XTRA Lease looks at such factors as
- What kind of a fleet do you run? What’s the condition of the fleet? How does the yard look?
- How’s the business environment? Are the phones ringing? How does the facility operate? Are you physically in a good operating position to meet the needs of your business?
- What’s your business model like? What’s your customer base? Do one or two customers provide most of your revenue?
There’s no strict science for measuring capacity, but it’s a contributor that’s going to be evaluated when you try to lease trailers or get financing.
What’s not a factor?
There are two credit-related C’s that XTRA Lease doesn’t consider in evaluating credit potential: conditions and collateral.
Unlike many lenders and lessors, we don’t consider the economy when assessing risk.
“Our company, through good times and bad, has never modified our risk assessment criteria based on what’s happening with the economy,” says Heggs. “We’ve always been consistent in how we evaluate a company’s risk.”
“We never base a company’s risk assessment on collateral,” says Heggs. “We look at the fundamentals. If a company can support their case with collateral, it may help. But we don’t award a deal based on collateral.”
Basically, XTRA Lease determines whether a company applying for credit is worth what it says it’s worth by examining financial statements and reviewing fundamentals: company structure, fleet data, customer base, operations, etc.
The biggest challenge many trucking companies face is when they reach a certain revenue level. Managing the company becomes much more complicated and owners who want to continue to grow their business need professional financial advice.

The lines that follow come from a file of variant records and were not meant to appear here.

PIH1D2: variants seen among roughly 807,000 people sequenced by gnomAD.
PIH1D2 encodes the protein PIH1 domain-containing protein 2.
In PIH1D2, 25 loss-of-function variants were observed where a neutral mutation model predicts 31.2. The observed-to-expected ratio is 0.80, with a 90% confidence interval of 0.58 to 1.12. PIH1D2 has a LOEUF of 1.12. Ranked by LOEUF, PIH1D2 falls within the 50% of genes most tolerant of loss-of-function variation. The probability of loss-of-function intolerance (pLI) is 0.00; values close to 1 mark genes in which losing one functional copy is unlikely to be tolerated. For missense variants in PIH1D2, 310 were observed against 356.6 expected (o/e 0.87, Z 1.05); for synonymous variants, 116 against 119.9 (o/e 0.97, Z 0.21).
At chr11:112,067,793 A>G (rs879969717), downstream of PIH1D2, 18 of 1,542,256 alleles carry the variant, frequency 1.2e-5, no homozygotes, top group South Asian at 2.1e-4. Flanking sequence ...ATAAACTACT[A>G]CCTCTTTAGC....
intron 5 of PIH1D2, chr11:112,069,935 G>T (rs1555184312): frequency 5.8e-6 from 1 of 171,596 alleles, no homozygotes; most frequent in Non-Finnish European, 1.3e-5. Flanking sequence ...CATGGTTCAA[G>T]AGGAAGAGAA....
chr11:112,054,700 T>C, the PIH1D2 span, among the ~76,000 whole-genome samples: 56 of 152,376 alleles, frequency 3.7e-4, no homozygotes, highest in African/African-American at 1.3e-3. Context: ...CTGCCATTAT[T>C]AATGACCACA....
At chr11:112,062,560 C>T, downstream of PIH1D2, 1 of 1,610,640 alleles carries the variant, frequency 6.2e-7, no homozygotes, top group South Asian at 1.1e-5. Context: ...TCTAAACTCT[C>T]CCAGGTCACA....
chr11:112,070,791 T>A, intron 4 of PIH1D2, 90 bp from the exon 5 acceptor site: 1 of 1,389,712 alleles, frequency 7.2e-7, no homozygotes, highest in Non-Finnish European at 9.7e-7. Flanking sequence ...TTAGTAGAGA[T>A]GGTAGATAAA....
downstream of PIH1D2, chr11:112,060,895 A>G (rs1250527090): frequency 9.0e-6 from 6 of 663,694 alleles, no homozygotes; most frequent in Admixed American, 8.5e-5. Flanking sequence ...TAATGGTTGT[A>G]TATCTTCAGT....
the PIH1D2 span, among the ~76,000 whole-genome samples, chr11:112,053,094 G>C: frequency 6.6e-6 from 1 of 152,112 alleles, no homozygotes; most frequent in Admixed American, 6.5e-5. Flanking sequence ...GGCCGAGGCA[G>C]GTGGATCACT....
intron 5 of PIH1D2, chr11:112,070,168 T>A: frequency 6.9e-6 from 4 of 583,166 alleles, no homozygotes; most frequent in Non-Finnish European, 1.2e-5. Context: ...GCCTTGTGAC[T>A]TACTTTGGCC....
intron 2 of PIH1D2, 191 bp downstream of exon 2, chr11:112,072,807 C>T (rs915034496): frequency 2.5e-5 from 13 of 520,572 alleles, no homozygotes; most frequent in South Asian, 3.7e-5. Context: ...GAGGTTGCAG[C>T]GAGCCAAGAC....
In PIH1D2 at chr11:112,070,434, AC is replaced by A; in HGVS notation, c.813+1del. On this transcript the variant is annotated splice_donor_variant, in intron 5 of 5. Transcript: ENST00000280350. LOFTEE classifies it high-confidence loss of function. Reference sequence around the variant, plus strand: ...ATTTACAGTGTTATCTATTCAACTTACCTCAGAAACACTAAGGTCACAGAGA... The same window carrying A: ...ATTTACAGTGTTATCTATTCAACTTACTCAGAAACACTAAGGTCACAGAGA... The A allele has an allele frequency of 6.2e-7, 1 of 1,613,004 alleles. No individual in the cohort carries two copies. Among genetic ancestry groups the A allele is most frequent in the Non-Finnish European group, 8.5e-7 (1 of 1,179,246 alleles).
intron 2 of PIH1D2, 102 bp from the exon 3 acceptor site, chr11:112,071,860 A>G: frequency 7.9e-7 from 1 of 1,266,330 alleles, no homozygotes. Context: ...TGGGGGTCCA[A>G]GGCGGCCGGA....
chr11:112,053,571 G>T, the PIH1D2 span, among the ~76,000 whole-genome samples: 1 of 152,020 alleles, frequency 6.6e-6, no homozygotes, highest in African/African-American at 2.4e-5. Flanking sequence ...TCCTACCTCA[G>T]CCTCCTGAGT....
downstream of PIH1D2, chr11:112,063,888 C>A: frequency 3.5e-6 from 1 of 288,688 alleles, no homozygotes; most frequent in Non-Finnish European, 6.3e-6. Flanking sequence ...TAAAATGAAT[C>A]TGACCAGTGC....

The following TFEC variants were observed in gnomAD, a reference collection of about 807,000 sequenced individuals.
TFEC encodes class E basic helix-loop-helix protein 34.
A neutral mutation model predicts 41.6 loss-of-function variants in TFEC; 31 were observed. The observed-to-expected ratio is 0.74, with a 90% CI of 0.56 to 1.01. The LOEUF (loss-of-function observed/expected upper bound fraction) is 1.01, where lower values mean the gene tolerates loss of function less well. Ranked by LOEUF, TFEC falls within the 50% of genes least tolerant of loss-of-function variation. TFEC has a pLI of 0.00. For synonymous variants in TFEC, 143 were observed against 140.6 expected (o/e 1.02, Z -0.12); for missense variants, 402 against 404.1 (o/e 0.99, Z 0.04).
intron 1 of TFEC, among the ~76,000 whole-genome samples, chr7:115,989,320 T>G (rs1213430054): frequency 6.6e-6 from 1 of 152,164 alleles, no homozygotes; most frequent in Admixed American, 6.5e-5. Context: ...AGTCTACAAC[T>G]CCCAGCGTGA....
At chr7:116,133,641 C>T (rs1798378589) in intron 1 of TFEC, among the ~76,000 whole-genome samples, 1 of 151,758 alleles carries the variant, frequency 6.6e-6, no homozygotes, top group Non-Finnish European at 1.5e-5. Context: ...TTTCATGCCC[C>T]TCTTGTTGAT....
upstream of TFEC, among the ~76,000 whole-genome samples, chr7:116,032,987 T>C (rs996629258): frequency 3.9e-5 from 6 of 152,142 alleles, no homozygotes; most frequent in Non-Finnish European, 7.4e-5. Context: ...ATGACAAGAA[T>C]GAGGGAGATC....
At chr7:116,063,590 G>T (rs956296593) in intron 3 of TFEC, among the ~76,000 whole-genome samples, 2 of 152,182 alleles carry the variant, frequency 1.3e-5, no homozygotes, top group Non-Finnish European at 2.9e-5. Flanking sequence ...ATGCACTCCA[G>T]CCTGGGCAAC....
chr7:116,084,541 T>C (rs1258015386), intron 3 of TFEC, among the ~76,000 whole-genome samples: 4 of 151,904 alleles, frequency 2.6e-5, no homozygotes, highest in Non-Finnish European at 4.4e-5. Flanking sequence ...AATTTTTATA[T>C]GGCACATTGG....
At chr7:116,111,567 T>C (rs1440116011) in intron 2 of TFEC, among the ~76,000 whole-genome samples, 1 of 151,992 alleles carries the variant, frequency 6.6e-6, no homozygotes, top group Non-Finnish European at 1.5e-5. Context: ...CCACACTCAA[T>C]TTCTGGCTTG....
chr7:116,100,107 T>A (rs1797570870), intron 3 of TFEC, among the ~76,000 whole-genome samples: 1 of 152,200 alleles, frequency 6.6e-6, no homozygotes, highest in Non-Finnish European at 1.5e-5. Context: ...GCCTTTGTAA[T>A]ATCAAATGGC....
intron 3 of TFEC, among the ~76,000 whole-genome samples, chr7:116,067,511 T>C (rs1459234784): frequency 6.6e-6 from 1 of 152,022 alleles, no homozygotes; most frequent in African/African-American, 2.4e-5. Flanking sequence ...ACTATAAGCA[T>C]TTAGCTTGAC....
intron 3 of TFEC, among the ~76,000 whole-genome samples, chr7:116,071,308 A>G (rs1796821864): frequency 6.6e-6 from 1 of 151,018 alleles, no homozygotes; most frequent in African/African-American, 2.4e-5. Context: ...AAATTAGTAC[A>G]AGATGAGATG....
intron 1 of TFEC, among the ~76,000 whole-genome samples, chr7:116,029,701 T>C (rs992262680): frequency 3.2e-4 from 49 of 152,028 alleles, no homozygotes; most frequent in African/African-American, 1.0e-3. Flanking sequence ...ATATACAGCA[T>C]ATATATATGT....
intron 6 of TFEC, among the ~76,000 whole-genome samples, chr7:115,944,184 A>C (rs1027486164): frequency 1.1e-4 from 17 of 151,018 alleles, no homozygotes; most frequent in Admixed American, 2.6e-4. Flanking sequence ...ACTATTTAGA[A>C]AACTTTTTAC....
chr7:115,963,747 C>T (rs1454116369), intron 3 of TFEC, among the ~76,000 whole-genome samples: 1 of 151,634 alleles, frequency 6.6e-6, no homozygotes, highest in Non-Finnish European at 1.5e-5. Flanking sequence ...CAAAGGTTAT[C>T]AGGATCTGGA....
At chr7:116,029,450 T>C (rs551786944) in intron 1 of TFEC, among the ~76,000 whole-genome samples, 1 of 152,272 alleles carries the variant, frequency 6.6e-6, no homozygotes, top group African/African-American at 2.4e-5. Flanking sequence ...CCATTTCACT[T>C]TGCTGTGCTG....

“If you’re at that point and are still trying to do everything in-house, most lenders will be cautious in assessing risk,” Heggs says. “That’s the time to have a solid relationship with your bank. Make arrangements for cash-flow financing. Hire an accountant to advise you on your business’s finances.”
Leasing: financials are key to approval
For customers who want trailers on a long-term lease, the most important factor is financial capacity. And it's important to provide financial documents that are prepared by an outside accounting firm.
“If you want someone to take a risk on your business and you don’t have an outside accounting firm, you may limit a lender’s willingness to provide you credit,” says Heggs.
Renting: prompt payment is key to approval
For a small, growing company that wants to rent trailers, the most important factor is paying on time. If you have a history of prompt payments, your chances of being approved to rent increase greatly.
Going forward, as you continue to pay on time, your credit grows with XTRA Lease.
“Part of what we do is grow with the customer,” says Heggs. “We’re thorough and do a detailed evaluation. We want to help our customers succeed.”
This post illustrates what XTRA Lease does to assign credit limits for rental and lease trailers. Although we touch on general aspects of how creditors assess risk-worthiness, we do not speak for the trailer leasing industry in general or for any other trailer lessor.
There’s a lot of information online and in print about business credit. The U.S. Small Business Administration is a good place to start if you want to learn more about business credit.